The headline stated, “Dems Brace for New Voting Rights Challenges.” Why is this statement just about Democrats? Voting rights are a Constitutional provision, and must be a concern for all Americans. In particular, the headline referred to the outrageous decision made by our Supreme Court which now allows Arizona and other states to set voting restrictions limiting absentee votes, polling places and times allotted for balloting. This decision almost obliterated Section 2 of the Voting Rights Act, and it is obviously discriminatory toward our non-white, diverse population. 

I have the vivid memory from my sixth grade “civics class,” learning about democracy and our government. How brilliant and fore-sighted were our founders and the authors of our Constitution! The plan was three branches of government, each with separate responsibilities, but also able to be a check on one another. It seemed ideal that the elected officials were to set aside their partisan views, and use the Constitution as their guide for decision-making. It took only a few of my young years for me to realize that non-partisan views for decisions are almost impossible. Thankfully, in past years, some elected officials and some justices of the Supreme Court have remained true to the Constitution.

During President Obama’s administration, he was tasked with selecting a candidate for the Supreme Court after the death of Justice Scalia. However, Republicans would not permit his candidate to even be reviewed, let alone voted upon. Therefore, that Supreme Court seat was left vacant until ex-President Trump appointed his first of three justices. The Supreme Court is now Republican-leaning, 6 to 3. This imbalance would be no problem if indeed the justices voted impartially, but for the most part, this is not what has happened in practice.

Partisanship has become a serious government problem stifling progress and “stalemating” many bills awaiting senatorial votes. Additionally, this uncooperative attitude on every issue has resulted in the growing number of white supremacists, along with civil unrest, bigotry, and racism. All seem to thrive in this “big lie” atmosphere of hate and lawlessness. Although every statesman must pledge an oath to respect and follow the Constitution, many have seemingly abandoned truth and their pledges.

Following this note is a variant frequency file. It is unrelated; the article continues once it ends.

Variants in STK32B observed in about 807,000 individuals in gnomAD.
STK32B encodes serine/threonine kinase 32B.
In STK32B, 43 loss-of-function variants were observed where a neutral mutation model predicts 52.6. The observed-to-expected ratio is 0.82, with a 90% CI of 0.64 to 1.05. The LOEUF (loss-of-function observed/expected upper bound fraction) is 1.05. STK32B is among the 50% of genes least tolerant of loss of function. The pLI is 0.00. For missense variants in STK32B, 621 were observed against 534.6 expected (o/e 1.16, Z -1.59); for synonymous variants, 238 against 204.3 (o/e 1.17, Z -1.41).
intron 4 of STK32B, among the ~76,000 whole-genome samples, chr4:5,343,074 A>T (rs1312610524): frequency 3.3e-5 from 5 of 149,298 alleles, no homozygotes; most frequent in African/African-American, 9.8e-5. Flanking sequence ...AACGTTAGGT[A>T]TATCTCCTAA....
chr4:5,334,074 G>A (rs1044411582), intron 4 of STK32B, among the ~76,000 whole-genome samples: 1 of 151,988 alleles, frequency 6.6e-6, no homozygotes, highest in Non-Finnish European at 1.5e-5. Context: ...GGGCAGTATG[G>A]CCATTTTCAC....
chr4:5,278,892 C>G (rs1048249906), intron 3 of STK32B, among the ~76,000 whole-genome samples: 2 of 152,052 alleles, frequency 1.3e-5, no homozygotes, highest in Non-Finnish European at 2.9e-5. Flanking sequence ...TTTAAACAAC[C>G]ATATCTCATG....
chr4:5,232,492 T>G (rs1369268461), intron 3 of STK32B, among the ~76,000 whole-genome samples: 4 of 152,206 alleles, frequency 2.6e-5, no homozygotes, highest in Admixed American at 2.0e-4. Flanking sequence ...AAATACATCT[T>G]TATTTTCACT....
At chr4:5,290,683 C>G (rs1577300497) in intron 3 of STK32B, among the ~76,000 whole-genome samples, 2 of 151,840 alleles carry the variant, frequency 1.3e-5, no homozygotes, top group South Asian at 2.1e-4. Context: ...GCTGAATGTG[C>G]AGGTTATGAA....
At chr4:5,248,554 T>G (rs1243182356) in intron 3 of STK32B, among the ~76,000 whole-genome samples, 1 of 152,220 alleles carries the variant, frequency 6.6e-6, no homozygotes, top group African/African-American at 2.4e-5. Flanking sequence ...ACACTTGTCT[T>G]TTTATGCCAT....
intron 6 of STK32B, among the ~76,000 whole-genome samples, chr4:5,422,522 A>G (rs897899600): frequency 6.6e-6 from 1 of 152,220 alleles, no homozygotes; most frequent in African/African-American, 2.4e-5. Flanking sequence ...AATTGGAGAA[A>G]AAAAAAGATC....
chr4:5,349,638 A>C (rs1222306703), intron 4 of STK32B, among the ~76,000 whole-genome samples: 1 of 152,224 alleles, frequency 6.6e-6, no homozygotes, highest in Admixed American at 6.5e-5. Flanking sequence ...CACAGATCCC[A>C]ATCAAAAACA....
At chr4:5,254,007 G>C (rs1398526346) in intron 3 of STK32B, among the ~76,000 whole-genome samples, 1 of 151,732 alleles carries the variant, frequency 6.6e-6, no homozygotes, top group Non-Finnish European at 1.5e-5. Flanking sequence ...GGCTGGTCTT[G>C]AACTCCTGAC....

The New York Times and Washington Post have both stated that there are 144 restrictive voting bills ready for signing in 19 states. The Supreme Court’s decision permitting Arizona to use these voting restrictions opens the door for all of the other pending bills. This is in direct opposition to the Constitution’s 15th Amendment. 

Justice Alito defended the Supreme Court’s decision, stating that the restrictions would cause “a modest burden, at the most.” By contrast, when this Arizona bill was brought to the Federal Appeals Court in San Francisco, the decision was rendered “as disproportionately affecting Black, Hispanic, and Native American voters, in violation of the Voter Rights Act, Section 2.” The provision was struck down, but then it was appealed to the Supreme Court. All I could think about when I learned of the Supreme Court’s ruling in support of Arizona’s voting bill was “Bloody Sunday” — the March to Selma, led by John Lewis, where many lost lives in their efforts to pass the Voting Rights Bill. 

Now that the Supreme Court has ruled, what recourse do we have when this body, “the epitome of the law” has allowed this miscarriage of justice?

There is one way this can be reversed. The legislative branch of our government has the ability to pass an all-encompassing federal law. In effect, this would supersede the Court’s ruling. This, of course, involves us —“We the People.” We must pressure Congress and remind them we are a democracy. We must demand they ensure our voting be free, secure, and equally accessible to all citizens. Every citizen should be allowed and encouraged to vote without obstacles. 

Please join me in contacting and speaking out to every strata of our government — local officials, state officials, and federal officials, Democrats, Republicans, Trump-ites, and Independents. 

We treasure our democracy, our diversity, and our rights under the Constitution. Let’s let them know this!

Harriet Hausman is a longtime resident of River Forest.

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